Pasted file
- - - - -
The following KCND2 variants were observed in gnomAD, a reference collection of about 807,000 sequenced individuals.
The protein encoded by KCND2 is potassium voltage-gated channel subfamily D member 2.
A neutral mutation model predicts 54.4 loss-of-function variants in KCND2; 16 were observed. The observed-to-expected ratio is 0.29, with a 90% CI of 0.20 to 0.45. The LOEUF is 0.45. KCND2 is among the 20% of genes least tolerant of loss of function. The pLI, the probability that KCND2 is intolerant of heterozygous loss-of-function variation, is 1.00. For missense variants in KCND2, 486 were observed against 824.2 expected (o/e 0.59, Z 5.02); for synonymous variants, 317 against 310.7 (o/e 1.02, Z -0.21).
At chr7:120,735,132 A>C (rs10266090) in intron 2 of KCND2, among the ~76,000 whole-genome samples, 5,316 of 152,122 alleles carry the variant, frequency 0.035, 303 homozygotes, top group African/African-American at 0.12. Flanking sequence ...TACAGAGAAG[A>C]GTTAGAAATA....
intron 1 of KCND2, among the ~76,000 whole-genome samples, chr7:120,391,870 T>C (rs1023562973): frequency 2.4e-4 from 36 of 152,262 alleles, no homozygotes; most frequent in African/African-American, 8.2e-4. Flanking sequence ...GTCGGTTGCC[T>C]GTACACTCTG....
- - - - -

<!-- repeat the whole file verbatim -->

The following KCND2 variants were observed in gnomAD, a reference collection of about 807,000 sequenced individuals.
The protein encoded by KCND2 is potassium voltage-gated channel subfamily D member 2.
A neutral mutation model predicts 54.4 loss-of-function variants in KCND2; 16 were observed. The observed-to-expected ratio is 0.29, with a 90% CI of 0.20 to 0.45. The LOEUF is 0.45. KCND2 is among the 20% of genes least tolerant of loss of function. The pLI, the probability that KCND2 is intolerant of heterozygous loss-of-function variation, is 1.00. For missense variants in KCND2, 486 were observed against 824.2 expected (o/e 0.59, Z 5.02); for synonymous variants, 317 against 310.7 (o/e 1.02, Z -0.21).
At chr7:120,735,132 A>C (rs10266090) in intron 2 of KCND2, among the ~76,000 whole-genome samples, 5,316 of 152,122 alleles carry the variant, frequency 0.035, 303 homozygotes, top group African/African-American at 0.12. Flanking sequence ...TACAGAGAAG[A>C]GTTAGAAATA....
intron 1 of KCND2, among the ~76,000 whole-genome samples, chr7:120,391,870 T>C (rs1023562973): frequency 2.4e-4 from 36 of 152,262 alleles, no homozygotes; most frequent in African/African-American, 8.2e-4. Flanking sequence ...GTCGGTTGCC[T>C]GTACACTCTG....